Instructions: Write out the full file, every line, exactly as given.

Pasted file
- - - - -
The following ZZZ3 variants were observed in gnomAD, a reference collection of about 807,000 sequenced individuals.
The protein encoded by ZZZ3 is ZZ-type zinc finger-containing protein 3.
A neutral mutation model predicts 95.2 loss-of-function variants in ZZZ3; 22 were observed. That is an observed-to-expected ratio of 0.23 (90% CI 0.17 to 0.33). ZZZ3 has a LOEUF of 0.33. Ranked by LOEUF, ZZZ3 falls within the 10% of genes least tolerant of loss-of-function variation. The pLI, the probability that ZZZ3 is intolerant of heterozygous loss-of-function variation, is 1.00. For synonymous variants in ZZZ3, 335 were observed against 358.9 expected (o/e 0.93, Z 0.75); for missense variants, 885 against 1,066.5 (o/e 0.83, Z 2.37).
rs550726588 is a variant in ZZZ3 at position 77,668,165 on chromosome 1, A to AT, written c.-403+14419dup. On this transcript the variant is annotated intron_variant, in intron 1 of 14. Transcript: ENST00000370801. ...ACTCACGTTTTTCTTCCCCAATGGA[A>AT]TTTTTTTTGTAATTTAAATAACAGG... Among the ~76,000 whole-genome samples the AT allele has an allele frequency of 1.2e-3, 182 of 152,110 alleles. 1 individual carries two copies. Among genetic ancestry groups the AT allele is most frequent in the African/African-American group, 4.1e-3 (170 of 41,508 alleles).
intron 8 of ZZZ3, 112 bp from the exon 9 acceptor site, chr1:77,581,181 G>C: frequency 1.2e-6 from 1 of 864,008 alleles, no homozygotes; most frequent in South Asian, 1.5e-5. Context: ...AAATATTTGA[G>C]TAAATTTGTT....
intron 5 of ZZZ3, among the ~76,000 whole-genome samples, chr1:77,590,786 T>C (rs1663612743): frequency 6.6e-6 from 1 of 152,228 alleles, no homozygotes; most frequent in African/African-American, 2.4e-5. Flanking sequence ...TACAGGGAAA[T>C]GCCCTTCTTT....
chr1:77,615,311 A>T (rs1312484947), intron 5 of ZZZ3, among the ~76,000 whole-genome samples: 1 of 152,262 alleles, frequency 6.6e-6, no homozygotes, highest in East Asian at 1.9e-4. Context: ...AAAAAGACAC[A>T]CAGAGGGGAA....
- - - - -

The following ZZZ3 variants were observed in gnomAD, a reference collection of about 807,000 sequenced individuals.
The protein encoded by ZZZ3 is ZZ-type zinc finger-containing protein 3.
A neutral mutation model predicts 95.2 loss-of-function variants in ZZZ3; 22 were observed. That is an observed-to-expected ratio of 0.23 (90% CI 0.17 to 0.33). ZZZ3 has a LOEUF of 0.33. Ranked by LOEUF, ZZZ3 falls within the 10% of genes least tolerant of loss-of-function variation. The pLI, the probability that ZZZ3 is intolerant of heterozygous loss-of-function variation, is 1.00. For synonymous variants in ZZZ3, 335 were observed against 358.9 expected (o/e 0.93, Z 0.75); for missense variants, 885 against 1,066.5 (o/e 0.83, Z 2.37).
rs550726588 is a variant in ZZZ3 at position 77,668,165 on chromosome 1, A to AT, written c.-403+14419dup. On this transcript the variant is annotated intron_variant, in intron 1 of 14. Transcript: ENST00000370801. ...ACTCACGTTTTTCTTCCCCAATGGA[A>AT]TTTTTTTTGTAATTTAAATAACAGG... Among the ~76,000 whole-genome samples the AT allele has an allele frequency of 1.2e-3, 182 of 152,110 alleles. 1 individual carries two copies. Among genetic ancestry groups the AT allele is most frequent in the African/African-American group, 4.1e-3 (170 of 41,508 alleles).
intron 8 of ZZZ3, 112 bp from the exon 9 acceptor site, chr1:77,581,181 G>C: frequency 1.2e-6 from 1 of 864,008 alleles, no homozygotes; most frequent in South Asian, 1.5e-5. Context: ...AAATATTTGA[G>C]TAAATTTGTT....
intron 5 of ZZZ3, among the ~76,000 whole-genome samples, chr1:77,590,786 T>C (rs1663612743): frequency 6.6e-6 from 1 of 152,228 alleles, no homozygotes; most frequent in African/African-American, 2.4e-5. Flanking sequence ...TACAGGGAAA[T>C]GCCCTTCTTT....
chr1:77,615,311 A>T (rs1312484947), intron 5 of ZZZ3, among the ~76,000 whole-genome samples: 1 of 152,262 alleles, frequency 6.6e-6, no homozygotes, highest in East Asian at 1.9e-4. Context: ...AAAAAGACAC[A>T]CAGAGGGGAA....